Lock, stock, and barrels of Scotch
The fond place that Scotch occupies among tipplers
India’s love affair with whisky is like the rare vintage bottle—nursed and nurtured over time. We boast of the oldest continually used distillery—established by the British in Kasauli in the early 19th century. Need more proof of the romance? India went tipsy by consuming close to 2.6 billion litres of spirits in 2015, making the size of the total alcohol market swell to nearly Rs2.5 trillion, according to Euromonitor’s annual report for 2016.
But whisky is a capricious damsel. She doesn’t even stick to one name. If born in the US, she is bourbon whiskey or Tennessee whiskey. If born out of Scotland’s malted barley, she loses her “e”. She comes in various forms and shapes. There is single malt, blended whisky, single pot still whisky, rye whiskey, corn whiskey and so on. But the single-malt whisky made by the Scots rules above every other variety.
Living in the spirits capital of India, Mumbai, this writer has been witness to the fond place that Scotch occupies among tipplers in the city. While beer and vodka may rule happy hours, the orders for a Jameson, a Johnnie Walker, are rising like the slow burn of the Scotch. Nestled in between these would be one for a Jack Daniel’s straight up.
Indeed, Indian whisky loyalists have stuck to their pegs. But in the minds of all whisky aficionados, there is a rack reserved for the just-beyond-the-fingertips bottles. So as we take the first sip of Ballantine’s or a Chivas Regal, we should think about getting one of these four amazing bottles:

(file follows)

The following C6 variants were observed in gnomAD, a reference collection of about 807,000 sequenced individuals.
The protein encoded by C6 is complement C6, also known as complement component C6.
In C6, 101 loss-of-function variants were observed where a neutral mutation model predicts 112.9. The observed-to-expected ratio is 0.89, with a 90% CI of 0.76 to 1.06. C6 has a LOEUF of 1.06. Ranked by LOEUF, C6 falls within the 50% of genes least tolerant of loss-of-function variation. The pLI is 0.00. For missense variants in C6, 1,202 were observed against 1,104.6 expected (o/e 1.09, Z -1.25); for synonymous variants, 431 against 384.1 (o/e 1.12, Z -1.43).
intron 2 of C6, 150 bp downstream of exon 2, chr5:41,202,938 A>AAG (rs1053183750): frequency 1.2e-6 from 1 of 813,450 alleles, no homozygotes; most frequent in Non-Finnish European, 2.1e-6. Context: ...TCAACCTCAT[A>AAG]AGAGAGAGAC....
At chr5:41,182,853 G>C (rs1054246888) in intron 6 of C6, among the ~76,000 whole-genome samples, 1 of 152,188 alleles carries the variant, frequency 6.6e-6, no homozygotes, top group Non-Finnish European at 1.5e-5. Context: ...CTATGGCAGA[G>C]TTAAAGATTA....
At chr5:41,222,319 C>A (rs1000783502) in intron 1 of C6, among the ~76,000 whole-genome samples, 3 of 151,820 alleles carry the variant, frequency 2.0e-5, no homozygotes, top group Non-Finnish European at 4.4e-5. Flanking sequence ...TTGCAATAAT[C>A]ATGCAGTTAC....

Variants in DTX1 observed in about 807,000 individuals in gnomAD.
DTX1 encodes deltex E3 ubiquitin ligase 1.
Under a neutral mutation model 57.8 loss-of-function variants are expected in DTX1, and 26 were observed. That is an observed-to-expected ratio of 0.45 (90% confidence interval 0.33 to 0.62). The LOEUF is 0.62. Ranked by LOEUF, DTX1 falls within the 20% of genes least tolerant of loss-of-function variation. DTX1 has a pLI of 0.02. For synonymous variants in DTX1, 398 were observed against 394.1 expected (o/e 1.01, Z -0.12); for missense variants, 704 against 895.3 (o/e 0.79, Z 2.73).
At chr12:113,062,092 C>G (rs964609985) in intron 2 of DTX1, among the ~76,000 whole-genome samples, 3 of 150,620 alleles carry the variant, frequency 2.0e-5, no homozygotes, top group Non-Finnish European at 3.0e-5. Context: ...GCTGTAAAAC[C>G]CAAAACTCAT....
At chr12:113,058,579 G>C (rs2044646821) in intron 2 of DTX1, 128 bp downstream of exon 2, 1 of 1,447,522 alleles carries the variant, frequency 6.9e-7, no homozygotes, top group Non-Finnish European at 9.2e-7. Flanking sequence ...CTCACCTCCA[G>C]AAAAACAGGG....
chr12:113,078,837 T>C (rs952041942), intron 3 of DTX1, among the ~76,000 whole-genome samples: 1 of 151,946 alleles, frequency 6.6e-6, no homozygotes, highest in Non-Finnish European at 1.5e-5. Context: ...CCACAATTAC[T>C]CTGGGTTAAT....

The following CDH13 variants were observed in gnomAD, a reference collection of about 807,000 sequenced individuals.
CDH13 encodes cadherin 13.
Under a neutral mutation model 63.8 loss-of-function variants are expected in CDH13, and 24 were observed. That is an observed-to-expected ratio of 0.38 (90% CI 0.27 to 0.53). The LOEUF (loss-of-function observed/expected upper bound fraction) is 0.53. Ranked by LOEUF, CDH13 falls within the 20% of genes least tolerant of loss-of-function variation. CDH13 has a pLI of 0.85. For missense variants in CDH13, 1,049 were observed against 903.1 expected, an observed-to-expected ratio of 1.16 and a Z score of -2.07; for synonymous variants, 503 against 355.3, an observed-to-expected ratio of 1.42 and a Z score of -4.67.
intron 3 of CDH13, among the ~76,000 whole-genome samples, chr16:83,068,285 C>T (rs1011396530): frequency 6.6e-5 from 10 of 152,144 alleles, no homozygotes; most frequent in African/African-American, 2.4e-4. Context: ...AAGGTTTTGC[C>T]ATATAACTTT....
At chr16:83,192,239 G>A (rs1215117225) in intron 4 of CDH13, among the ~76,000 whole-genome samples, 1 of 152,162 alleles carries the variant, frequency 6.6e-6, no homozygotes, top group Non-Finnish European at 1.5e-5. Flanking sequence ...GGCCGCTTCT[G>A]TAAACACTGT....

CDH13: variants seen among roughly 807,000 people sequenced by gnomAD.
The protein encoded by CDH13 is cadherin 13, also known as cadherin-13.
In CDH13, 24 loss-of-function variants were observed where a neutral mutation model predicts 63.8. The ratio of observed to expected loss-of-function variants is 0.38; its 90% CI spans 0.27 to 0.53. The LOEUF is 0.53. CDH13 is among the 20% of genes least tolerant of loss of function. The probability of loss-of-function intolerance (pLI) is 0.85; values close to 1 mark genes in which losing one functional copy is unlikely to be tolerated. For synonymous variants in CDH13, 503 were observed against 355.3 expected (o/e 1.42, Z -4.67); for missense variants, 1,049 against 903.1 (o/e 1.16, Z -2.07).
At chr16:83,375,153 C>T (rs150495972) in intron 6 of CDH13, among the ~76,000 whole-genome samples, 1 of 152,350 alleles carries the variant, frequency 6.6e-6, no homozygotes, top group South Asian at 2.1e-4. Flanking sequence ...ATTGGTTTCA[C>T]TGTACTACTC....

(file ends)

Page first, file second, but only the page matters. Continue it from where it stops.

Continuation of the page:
Old Pulteney 1989 Vintage: This one is easy. Winner of the best single-malt Scotch whisky for 2016 at the World Whiskies Awards, this spirit packs an endearing honey and musky floral tone before finishing off with hints of saltiness. Priced at a little over £110 (around Rs9,130), the Pulteney is not over-the-top for serious whisky fans. The trick is to lay hands on one in India.
Redbreast Single Pot Still Whiskey (aged 15 years): This is an Irish whiskey that blends a fruitier taste while retaining the distinct oak feeling of Irish whiskies. It is priced at under £70 and a little over Rs7,000 at duty-free shops.
Nikka Whisky Taketsuru Pure Malt: Japanese whiskies are becoming quite the rage, and with good reason. The whisky is named after Masataka Taketsuru, hailed as the father of Japanese whisky. The palate is gentle, with a flavour of citrus, mature honey and gentle smoke and spices. It’s priced at around $60 (about Rs4,000) for the 12-year-old.
Jack Daniel’s Tennessee Honey: A unique liquor blended with Jack Daniel’s Old No.7, the honey gives an unexpected sweetness on top of the smooth sourness that is quintessential Jack. Priced at around Rs7,000, it is a steal for the grand experience it offers.
Whisky doesn’t allow herself many followers. Indeed, Scotch’s enchanting appeal is in making fans drink sip by sip. And we Indians are having one too many sips.